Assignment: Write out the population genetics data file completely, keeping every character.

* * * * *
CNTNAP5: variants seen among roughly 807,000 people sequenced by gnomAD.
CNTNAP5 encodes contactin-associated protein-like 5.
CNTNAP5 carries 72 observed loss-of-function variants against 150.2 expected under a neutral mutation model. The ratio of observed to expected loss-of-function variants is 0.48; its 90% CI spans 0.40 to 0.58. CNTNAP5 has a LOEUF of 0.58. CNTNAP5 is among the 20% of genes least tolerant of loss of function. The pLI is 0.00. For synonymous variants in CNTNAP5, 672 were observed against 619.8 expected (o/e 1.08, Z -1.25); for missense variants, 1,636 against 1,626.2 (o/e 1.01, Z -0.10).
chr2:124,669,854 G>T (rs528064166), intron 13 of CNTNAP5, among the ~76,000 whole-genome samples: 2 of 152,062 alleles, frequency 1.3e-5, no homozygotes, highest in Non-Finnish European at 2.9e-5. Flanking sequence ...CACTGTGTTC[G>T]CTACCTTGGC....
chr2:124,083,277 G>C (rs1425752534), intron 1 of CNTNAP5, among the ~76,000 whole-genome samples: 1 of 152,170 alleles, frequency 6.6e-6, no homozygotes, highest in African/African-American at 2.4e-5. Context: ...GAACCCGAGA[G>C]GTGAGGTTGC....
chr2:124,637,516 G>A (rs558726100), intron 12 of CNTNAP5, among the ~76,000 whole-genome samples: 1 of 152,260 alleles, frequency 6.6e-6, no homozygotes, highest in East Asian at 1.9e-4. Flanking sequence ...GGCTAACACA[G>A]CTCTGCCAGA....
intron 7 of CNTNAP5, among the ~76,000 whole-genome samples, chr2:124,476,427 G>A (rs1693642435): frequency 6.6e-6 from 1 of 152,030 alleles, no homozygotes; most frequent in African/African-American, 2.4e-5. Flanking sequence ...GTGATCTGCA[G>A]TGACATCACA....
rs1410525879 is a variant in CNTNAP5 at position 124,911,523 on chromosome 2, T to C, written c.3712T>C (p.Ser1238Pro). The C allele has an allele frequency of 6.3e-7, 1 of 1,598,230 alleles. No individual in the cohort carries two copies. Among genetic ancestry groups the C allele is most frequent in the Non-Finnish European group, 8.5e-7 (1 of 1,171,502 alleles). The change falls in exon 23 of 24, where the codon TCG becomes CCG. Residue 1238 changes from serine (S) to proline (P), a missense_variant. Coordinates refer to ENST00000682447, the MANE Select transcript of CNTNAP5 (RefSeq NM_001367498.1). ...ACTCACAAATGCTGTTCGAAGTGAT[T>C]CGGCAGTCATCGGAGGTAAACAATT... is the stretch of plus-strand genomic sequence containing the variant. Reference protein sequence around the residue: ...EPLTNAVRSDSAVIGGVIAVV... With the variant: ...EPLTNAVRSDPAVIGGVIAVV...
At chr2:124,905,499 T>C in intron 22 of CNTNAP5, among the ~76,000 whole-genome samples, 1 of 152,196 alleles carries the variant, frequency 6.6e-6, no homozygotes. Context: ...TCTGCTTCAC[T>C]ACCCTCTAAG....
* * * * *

CNTNAP5: variants seen among roughly 807,000 people sequenced by gnomAD.
CNTNAP5 encodes contactin-associated protein-like 5.
CNTNAP5 carries 72 observed loss-of-function variants against 150.2 expected under a neutral mutation model. The ratio of observed to expected loss-of-function variants is 0.48; its 90% CI spans 0.40 to 0.58. CNTNAP5 has a LOEUF of 0.58. CNTNAP5 is among the 20% of genes least tolerant of loss of function. The pLI is 0.00. For synonymous variants in CNTNAP5, 672 were observed against 619.8 expected (o/e 1.08, Z -1.25); for missense variants, 1,636 against 1,626.2 (o/e 1.01, Z -0.10).
chr2:124,669,854 G>T (rs528064166), intron 13 of CNTNAP5, among the ~76,000 whole-genome samples: 2 of 152,062 alleles, frequency 1.3e-5, no homozygotes, highest in Non-Finnish European at 2.9e-5. Flanking sequence ...CACTGTGTTC[G>T]CTACCTTGGC....
chr2:124,083,277 G>C (rs1425752534), intron 1 of CNTNAP5, among the ~76,000 whole-genome samples: 1 of 152,170 alleles, frequency 6.6e-6, no homozygotes, highest in African/African-American at 2.4e-5. Context: ...GAACCCGAGA[G>C]GTGAGGTTGC....
chr2:124,637,516 G>A (rs558726100), intron 12 of CNTNAP5, among the ~76,000 whole-genome samples: 1 of 152,260 alleles, frequency 6.6e-6, no homozygotes, highest in East Asian at 1.9e-4. Flanking sequence ...GGCTAACACA[G>A]CTCTGCCAGA....
intron 7 of CNTNAP5, among the ~76,000 whole-genome samples, chr2:124,476,427 G>A (rs1693642435): frequency 6.6e-6 from 1 of 152,030 alleles, no homozygotes; most frequent in African/African-American, 2.4e-5. Flanking sequence ...GTGATCTGCA[G>A]TGACATCACA....
rs1410525879 is a variant in CNTNAP5 at position 124,911,523 on chromosome 2, T to C, written c.3712T>C (p.Ser1238Pro). The C allele has an allele frequency of 6.3e-7, 1 of 1,598,230 alleles. No individual in the cohort carries two copies. Among genetic ancestry groups the C allele is most frequent in the Non-Finnish European group, 8.5e-7 (1 of 1,171,502 alleles). The change falls in exon 23 of 24, where the codon TCG becomes CCG. Residue 1238 changes from serine (S) to proline (P), a missense_variant. Coordinates refer to ENST00000682447, the MANE Select transcript of CNTNAP5 (RefSeq NM_001367498.1). ...ACTCACAAATGCTGTTCGAAGTGAT[T>C]CGGCAGTCATCGGAGGTAAACAATT... is the stretch of plus-strand genomic sequence containing the variant. Reference protein sequence around the residue: ...EPLTNAVRSDSAVIGGVIAVV... With the variant: ...EPLTNAVRSDPAVIGGVIAVV...
At chr2:124,905,499 T>C in intron 22 of CNTNAP5, among the ~76,000 whole-genome samples, 1 of 152,196 alleles carries the variant, frequency 6.6e-6, no homozygotes. Context: ...TCTGCTTCAC[T>C]ACCCTCTAAG....